With a broken-down oven, in a hotel kitchen, on an uninhabited island
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David Ehrenfeld’s “Forgetting” [December 1995] struck a chord with me. I’d just been reading Harvard biologist and ant expert Edward O. Wilson’s memoir Naturalist. Like Ehrenfeld, Wilson recognizes the value of taxonomy, which he calls “a craft and a body of knowledge that builds in the head of a biologist only through years of monkish labor. . . . [The taxonomist] knows that without the expert knowledge accumulated through his brand of specialized study, much of biological research would soon come to a halt.”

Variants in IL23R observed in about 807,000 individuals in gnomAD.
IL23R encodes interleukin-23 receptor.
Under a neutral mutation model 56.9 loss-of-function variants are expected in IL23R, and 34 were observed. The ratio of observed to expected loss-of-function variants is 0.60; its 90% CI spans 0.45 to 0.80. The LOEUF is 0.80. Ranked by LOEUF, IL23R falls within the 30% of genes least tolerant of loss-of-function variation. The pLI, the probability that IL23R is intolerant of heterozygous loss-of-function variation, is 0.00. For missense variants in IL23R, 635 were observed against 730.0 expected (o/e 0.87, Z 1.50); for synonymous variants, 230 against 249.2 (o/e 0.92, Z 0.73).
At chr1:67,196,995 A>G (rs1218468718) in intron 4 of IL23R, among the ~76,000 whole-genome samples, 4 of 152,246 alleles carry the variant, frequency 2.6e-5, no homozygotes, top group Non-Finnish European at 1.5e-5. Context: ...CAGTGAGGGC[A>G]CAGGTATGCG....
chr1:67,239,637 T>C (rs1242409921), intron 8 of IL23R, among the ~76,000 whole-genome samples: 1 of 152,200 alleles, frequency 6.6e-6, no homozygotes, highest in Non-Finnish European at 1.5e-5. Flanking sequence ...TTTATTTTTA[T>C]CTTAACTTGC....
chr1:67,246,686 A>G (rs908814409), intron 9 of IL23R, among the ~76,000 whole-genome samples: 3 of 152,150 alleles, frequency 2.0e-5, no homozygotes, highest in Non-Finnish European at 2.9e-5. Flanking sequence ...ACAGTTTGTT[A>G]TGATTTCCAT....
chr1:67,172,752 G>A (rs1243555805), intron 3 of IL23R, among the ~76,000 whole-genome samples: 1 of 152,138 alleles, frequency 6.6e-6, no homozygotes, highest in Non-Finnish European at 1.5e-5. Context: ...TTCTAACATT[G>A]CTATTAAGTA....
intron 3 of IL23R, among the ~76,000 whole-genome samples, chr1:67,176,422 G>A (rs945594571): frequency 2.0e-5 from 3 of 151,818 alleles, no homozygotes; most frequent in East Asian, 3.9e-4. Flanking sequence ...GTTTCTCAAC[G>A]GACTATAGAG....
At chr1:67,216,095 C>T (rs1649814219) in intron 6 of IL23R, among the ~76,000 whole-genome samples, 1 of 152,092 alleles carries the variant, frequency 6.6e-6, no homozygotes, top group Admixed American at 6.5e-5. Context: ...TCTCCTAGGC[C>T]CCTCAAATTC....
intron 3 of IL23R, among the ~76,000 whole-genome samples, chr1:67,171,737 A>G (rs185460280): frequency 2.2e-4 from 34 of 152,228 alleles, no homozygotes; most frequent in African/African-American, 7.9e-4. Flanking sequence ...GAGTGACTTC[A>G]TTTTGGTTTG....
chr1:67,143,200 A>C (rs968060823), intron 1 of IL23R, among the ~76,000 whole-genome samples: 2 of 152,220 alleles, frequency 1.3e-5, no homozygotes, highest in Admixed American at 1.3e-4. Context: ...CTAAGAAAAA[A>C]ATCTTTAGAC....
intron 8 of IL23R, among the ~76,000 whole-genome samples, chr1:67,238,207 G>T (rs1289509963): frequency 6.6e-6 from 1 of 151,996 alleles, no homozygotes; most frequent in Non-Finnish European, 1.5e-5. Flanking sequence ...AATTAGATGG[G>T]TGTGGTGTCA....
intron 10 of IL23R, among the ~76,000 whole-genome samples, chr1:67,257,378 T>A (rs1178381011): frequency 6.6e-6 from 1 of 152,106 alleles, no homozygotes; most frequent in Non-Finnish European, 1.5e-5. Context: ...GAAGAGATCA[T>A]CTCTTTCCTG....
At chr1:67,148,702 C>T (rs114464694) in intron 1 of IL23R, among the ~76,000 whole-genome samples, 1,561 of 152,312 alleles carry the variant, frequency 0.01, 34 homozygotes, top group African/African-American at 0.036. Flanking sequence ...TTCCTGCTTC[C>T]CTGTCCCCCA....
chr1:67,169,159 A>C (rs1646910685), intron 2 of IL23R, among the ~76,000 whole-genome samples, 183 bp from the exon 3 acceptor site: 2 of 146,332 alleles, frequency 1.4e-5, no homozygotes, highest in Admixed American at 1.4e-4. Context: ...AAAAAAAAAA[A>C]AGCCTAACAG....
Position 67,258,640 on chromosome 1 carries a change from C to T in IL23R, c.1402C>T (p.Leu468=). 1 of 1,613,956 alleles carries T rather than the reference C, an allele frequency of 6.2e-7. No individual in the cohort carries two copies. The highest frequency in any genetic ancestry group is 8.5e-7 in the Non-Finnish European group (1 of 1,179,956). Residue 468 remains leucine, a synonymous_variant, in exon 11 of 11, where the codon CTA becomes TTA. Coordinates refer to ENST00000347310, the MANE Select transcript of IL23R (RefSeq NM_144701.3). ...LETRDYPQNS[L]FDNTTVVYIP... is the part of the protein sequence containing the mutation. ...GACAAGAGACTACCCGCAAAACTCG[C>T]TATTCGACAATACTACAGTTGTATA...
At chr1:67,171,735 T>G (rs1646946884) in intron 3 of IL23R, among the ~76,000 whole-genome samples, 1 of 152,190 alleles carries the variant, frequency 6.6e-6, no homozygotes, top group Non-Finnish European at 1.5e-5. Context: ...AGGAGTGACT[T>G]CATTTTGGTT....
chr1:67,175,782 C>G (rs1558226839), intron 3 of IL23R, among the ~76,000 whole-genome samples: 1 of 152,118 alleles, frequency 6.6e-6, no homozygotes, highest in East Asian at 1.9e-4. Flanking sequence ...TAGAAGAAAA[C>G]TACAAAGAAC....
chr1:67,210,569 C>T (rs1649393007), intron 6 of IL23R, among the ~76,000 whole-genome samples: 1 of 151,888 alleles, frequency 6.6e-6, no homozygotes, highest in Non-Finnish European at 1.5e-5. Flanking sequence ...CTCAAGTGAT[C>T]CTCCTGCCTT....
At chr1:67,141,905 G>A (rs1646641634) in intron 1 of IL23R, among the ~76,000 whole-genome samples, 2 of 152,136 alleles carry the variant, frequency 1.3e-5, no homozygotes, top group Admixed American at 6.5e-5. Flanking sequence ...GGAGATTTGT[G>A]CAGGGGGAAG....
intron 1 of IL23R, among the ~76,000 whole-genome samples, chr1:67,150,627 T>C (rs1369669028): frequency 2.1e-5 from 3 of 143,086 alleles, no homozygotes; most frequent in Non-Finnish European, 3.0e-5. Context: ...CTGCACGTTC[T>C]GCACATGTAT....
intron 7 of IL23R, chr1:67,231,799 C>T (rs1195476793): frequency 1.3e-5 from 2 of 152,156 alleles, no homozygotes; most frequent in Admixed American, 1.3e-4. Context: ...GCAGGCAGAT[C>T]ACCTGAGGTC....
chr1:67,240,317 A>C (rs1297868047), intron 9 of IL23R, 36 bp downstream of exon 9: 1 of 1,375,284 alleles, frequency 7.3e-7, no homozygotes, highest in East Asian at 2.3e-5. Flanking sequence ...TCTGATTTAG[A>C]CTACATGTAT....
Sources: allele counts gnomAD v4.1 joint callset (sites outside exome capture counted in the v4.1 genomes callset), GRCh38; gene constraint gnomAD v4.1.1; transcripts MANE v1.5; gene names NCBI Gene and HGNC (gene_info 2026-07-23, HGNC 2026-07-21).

Ehrenfeld is right that the “ultimate reason why we forget important knowledge is the corruption and loss of our societal values.” We live in a society that values money, entertainment, and celebrity above all. “Monkish labor” to acquire and pass on important knowledge is applauded by no one — not politicians, educators, business people, or religious leaders. In this much-vaunted Information Age, we seem incapable of distinguishing between what is valuable information and what is not — or perhaps we refuse to make the distinction.